The bassline: Is music theory essential or antiquated?

A portrait of Mozart painted in blue with an orange galaxy background, styled after Chance The Rapper's "Coloring Book" album cover
Graphic by Elaine Yang

Music theory has declined in recent years as more and more pop artists write songs without knowing how to read musical notation, the visual representation of aural music through written symbols. They rely less on how the harmonies and melodies they use interact with each other and more on instinct. 

Learning music is akin to learning a language, so how can artists speak when they’ve never learned the syntax or grammar? 

Paul McCartney, Eric Clapton, Jimi Hendrix, Michael Jackson, Kanye West and many more have all defied the conventions of European classical music. They didn’t necessarily understand the mathematical reasoning behind the consonant and dissonant chords that make up their sounds. Yet they managed to discover new combinations that created beautiful melodies.

Artists without formal education or training use what they have, their ears, to practice and imitate their favorite resonating tunes. They played and played until their sounds hit a certain bone in our bodies — a visceral, physical jouissance that just doesn’t require explanation.  

The music resonates with a universal audience because the artists know as much about music theory as those listening to their music. The sequences of intervals and rhythms turn into magic in their simplicity. 

In ancient times and within indigenous cultures, musicians also played by ear, without the resources to study the rationality behind rhythm. Musical composition was an implicit understanding, passed down through generations of oral tradition.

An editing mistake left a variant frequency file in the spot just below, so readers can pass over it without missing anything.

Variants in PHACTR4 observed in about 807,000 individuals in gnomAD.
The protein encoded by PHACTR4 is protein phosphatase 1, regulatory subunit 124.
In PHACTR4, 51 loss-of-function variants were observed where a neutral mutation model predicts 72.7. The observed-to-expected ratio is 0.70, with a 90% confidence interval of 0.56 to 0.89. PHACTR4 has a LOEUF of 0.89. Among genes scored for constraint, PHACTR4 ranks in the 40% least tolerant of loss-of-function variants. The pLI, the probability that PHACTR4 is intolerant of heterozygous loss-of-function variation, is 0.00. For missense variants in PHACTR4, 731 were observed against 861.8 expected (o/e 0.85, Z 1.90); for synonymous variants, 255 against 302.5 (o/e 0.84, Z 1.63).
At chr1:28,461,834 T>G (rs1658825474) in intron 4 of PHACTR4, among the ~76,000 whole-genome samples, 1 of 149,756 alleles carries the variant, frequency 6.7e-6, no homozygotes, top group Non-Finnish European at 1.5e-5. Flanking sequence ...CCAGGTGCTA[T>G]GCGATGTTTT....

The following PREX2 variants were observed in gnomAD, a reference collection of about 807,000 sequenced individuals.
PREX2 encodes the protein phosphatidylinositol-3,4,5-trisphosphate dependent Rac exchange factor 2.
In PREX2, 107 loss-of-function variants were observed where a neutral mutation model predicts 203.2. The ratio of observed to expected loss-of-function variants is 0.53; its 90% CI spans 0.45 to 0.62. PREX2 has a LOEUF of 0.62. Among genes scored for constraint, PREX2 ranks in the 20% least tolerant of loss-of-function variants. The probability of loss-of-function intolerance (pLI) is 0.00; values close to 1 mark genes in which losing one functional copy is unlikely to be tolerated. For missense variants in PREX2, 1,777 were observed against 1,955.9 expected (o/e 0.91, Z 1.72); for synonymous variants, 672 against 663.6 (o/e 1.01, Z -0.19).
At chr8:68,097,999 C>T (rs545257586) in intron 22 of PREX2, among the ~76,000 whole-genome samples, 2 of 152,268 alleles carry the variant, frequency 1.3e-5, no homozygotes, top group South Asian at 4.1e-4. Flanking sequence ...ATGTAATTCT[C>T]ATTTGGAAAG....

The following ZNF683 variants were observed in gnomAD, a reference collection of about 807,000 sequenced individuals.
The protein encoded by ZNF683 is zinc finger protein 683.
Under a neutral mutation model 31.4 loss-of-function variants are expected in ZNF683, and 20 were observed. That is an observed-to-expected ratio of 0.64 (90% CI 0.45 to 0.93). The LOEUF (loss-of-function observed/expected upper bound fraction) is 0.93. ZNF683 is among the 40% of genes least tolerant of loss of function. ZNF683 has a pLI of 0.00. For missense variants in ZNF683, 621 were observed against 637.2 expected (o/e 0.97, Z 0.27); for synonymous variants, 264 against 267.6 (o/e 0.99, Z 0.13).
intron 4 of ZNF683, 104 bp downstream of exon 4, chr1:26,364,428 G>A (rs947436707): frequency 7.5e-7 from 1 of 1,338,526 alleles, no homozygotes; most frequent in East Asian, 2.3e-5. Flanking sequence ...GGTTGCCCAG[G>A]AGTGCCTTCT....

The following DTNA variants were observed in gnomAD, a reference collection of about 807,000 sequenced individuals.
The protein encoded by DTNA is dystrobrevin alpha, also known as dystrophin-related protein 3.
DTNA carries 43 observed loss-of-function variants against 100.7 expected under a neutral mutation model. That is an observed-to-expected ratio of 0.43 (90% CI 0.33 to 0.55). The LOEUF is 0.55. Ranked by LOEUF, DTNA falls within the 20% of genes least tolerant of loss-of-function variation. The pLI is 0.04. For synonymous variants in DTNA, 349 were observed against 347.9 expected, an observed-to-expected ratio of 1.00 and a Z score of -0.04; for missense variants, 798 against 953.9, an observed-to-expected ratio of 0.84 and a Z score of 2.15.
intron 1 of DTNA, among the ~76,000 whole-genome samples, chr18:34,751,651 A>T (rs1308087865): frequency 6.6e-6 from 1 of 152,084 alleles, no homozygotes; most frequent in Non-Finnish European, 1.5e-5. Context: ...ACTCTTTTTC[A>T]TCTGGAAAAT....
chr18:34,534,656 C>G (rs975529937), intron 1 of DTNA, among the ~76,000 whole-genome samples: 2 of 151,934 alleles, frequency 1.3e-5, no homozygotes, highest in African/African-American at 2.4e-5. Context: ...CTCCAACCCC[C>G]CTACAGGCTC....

On the other hand, European societies and Greek philosophers such as Pythagoras took to researching theories behind harmony. Maybe that says something about the different ways cultures understand art. Some simply appreciate it through the pleasure and bonding it brings to a community and posterity, while others dive deep into its conceptual logic, feeling a need to explain and justify its attraction. 

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Today, artists that strip the walls of genre have returned to the idea of composing based on natural human instincts. The absence of music theory should not invalidate these artists’ work. 

Perhaps they understand it even more on a subconscious level than formalists. Can you hear it in the introduction to “Gimme Shelter” by The Rolling Stones? Can you feel it in the bass line in “Seven Nation Army” by The White Stripes? 

Music theory is not meant to enact strict rules in composition; instead, it allows us to explore and discover why certain melodies sound good to our ears.

There is a certain interval called the tritone (a diminished 5th) that the classicists nicknamed “The Devil’s Interval.” During the Renaissance, music’s purpose was to express the beauty and majesty of God, so the interval was essentially forbidden.

It sounded as if it were meant to reach a consonant tone but never fully arrived, and so it became the perdition of all who tried to grasp it. The dissonance disturbed any listener and quickly declined in conventional compositions. Today, we hear the tritone more often, as it’s used in contemporary genres to build tension and represent feelings such as forbidden love, longing or confrontation. 

There are certainly benefits to understanding music theory and the complexity behind the aural art, but not all are restricted to studying it in an academic lens. Artists are artists, and in any fashion, with or without comprehension, they still tend to follow the inkling of an infatuation, the rawness of an emotion and the instincts that translate sounds into our favorite feelings. 

Kyla Walker PO ’22 is TSL’s music columnist. She loves playing guitar, reading any and all fiction and probably belongs in the 1960s.

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